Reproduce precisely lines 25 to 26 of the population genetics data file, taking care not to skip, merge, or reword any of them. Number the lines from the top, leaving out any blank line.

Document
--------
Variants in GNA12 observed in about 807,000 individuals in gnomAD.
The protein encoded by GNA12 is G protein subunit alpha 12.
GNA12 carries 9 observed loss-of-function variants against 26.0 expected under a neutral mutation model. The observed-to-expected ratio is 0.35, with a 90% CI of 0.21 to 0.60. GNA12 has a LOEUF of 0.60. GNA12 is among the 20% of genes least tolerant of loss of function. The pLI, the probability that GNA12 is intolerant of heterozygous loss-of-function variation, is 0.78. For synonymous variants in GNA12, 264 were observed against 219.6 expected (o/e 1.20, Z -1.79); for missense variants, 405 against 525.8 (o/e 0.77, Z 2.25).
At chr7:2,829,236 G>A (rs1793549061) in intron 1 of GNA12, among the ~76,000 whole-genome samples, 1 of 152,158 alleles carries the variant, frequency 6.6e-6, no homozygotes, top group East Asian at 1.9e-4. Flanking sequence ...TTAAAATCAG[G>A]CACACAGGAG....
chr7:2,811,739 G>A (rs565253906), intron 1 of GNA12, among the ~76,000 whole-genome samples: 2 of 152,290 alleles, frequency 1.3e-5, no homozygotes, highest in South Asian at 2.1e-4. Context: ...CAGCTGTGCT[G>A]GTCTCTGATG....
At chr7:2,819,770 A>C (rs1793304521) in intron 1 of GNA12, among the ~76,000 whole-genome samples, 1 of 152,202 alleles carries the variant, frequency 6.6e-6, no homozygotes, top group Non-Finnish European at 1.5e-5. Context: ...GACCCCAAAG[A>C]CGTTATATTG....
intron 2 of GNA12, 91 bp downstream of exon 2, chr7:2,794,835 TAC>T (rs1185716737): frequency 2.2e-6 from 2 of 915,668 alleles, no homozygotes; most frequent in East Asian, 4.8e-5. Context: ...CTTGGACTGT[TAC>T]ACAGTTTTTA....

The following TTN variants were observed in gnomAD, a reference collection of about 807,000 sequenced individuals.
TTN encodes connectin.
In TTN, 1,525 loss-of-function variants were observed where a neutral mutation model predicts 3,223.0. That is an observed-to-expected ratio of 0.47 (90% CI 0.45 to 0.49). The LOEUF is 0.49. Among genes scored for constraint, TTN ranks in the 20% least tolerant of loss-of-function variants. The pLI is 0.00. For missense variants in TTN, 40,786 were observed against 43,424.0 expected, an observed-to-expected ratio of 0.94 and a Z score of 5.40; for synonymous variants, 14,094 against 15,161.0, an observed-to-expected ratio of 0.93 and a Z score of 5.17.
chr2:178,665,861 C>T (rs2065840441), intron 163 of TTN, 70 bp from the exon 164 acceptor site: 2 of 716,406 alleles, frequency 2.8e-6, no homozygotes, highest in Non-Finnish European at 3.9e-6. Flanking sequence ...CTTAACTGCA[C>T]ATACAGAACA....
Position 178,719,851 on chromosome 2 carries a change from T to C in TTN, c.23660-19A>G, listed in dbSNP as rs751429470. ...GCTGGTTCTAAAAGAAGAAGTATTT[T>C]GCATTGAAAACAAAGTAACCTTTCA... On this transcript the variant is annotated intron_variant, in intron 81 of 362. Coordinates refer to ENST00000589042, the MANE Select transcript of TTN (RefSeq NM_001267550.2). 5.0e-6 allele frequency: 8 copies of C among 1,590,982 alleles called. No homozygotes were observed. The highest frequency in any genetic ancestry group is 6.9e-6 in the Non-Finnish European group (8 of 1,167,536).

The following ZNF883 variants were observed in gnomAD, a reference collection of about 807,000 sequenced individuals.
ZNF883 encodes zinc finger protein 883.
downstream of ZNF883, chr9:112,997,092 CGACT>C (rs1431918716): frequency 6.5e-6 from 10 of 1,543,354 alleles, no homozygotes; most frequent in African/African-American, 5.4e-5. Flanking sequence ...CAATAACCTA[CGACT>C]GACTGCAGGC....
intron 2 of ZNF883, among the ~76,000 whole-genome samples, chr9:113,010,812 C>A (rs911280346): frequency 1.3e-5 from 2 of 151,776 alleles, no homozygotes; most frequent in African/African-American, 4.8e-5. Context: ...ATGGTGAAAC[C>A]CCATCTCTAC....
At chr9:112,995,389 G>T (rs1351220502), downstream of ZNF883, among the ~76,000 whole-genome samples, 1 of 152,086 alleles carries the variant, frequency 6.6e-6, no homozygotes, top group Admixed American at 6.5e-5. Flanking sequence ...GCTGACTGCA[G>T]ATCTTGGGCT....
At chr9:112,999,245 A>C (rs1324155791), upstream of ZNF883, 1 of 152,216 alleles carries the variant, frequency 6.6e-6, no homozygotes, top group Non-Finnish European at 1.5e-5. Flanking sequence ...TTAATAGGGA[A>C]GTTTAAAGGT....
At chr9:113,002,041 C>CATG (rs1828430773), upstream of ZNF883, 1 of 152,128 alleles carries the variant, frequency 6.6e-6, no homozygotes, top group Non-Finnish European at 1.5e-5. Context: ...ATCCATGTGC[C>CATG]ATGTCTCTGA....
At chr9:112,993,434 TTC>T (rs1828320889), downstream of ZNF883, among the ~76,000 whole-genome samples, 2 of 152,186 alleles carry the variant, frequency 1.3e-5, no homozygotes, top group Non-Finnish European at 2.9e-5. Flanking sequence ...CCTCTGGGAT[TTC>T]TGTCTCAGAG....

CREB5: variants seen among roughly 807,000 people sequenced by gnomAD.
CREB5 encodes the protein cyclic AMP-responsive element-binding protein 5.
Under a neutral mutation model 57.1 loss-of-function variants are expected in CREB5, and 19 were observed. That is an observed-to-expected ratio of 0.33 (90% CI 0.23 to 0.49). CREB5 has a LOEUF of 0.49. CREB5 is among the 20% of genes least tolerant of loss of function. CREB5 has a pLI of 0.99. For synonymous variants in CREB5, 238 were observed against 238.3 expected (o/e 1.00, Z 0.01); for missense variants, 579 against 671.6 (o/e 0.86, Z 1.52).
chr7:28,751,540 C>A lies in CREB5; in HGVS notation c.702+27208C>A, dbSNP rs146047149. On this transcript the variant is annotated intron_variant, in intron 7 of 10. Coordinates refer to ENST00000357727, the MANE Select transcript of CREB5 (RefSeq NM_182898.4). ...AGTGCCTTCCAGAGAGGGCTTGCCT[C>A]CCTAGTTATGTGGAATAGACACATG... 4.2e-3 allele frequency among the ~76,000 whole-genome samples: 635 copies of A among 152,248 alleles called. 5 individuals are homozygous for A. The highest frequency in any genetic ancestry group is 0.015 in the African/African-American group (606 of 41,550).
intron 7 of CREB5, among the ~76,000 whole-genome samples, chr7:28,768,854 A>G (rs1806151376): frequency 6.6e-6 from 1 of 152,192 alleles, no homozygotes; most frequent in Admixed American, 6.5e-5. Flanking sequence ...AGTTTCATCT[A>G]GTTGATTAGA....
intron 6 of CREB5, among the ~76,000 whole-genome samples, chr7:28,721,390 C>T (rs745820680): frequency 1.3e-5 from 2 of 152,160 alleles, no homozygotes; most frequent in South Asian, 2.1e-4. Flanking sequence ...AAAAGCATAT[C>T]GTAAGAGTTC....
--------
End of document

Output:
intron 7 of CREB5, among the ~76,000 whole-genome samples, chr7:28,768,854 A>G (rs1806151376): frequency 6.6e-6 from 1 of 152,192 alleles, no homozygotes; most frequent in Admixed American, 6.5e-5. Flanking sequence ...AGTTTCATCT[A>G]GTTGATTAGA....
intron 6 of CREB5, among the ~76,000 whole-genome samples, chr7:28,721,390 C>T (rs745820680): frequency 1.3e-5 from 2 of 152,160 alleles, no homozygotes; most frequent in South Asian, 2.1e-4. Flanking sequence ...AAAAGCATAT[C>T]GTAAGAGTTC....